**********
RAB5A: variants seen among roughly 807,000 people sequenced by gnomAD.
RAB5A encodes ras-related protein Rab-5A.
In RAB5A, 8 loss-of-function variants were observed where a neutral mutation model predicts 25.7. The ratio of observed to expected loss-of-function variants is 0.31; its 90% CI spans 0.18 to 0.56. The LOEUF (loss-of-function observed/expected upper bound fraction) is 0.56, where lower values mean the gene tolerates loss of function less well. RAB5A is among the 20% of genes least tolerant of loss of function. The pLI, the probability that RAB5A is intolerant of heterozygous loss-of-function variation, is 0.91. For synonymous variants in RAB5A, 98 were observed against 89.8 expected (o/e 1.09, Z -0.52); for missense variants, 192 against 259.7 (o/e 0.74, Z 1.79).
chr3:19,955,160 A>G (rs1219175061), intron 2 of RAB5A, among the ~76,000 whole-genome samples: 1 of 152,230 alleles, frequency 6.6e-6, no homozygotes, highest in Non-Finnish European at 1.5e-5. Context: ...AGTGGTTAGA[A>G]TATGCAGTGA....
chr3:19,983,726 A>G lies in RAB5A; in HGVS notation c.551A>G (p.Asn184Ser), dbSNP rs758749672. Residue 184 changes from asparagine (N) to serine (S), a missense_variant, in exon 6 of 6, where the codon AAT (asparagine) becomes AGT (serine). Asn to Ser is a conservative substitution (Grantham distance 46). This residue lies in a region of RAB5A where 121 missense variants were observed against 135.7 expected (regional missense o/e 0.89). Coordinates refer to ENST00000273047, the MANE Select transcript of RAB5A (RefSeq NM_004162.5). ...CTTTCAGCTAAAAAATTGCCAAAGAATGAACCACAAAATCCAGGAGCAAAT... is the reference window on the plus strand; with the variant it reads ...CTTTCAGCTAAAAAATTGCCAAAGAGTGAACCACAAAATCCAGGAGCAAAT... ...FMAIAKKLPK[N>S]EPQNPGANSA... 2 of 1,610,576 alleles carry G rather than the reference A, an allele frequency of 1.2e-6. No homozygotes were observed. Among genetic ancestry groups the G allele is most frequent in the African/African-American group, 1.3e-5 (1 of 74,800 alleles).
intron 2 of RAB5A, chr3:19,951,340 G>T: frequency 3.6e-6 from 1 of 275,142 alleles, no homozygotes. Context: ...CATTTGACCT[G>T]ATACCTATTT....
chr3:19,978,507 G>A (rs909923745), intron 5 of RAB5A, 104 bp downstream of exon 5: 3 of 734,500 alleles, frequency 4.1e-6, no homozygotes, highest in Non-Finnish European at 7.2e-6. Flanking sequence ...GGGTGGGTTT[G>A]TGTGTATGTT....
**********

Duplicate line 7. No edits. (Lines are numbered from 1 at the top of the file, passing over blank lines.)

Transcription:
chr3:19,978,507 G>A (rs909923745), intron 5 of RAB5A, 104 bp downstream of exon 5: 3 of 734,500 alleles, frequency 4.1e-6, no homozygotes, highest in Non-Finnish European at 7.2e-6. Flanking sequence ...GGGTGGGTTT[G>A]TGTGTATGTT....